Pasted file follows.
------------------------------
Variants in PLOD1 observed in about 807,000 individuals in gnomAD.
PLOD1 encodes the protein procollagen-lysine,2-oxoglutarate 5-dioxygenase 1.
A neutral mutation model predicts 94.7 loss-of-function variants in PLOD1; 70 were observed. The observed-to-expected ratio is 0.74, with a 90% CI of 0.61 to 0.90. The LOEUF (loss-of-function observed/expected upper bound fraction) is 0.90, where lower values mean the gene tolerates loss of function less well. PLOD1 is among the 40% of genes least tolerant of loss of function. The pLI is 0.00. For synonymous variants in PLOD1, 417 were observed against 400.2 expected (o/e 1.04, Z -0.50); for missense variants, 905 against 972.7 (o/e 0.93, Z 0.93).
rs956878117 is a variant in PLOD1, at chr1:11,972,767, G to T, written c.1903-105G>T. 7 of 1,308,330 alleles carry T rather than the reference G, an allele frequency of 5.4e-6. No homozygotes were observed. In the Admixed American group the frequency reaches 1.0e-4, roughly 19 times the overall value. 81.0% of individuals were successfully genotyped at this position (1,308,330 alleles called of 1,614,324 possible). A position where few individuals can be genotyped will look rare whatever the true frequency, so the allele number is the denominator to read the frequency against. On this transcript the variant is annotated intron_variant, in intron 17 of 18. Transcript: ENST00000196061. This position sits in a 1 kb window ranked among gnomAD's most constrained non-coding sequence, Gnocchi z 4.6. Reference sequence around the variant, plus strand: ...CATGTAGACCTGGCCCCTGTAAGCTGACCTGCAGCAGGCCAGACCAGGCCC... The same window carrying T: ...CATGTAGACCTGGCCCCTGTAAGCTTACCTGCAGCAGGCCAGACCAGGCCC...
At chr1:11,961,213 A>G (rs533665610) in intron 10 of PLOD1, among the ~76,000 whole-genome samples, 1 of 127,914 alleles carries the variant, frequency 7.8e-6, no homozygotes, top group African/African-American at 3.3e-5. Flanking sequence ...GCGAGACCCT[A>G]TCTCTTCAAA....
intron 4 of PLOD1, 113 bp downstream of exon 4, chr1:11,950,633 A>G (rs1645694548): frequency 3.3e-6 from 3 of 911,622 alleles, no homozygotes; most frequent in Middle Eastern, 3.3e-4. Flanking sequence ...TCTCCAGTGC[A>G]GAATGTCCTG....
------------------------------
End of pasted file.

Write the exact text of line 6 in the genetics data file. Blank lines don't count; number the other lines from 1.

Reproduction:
intron 4 of PLOD1, 113 bp downstream of exon 4, chr1:11,950,633 A>G (rs1645694548): frequency 3.3e-6 from 3 of 911,622 alleles, no homozygotes; most frequent in Middle Eastern, 3.3e-4. Flanking sequence ...TCTCCAGTGC[A>G]GAATGTCCTG....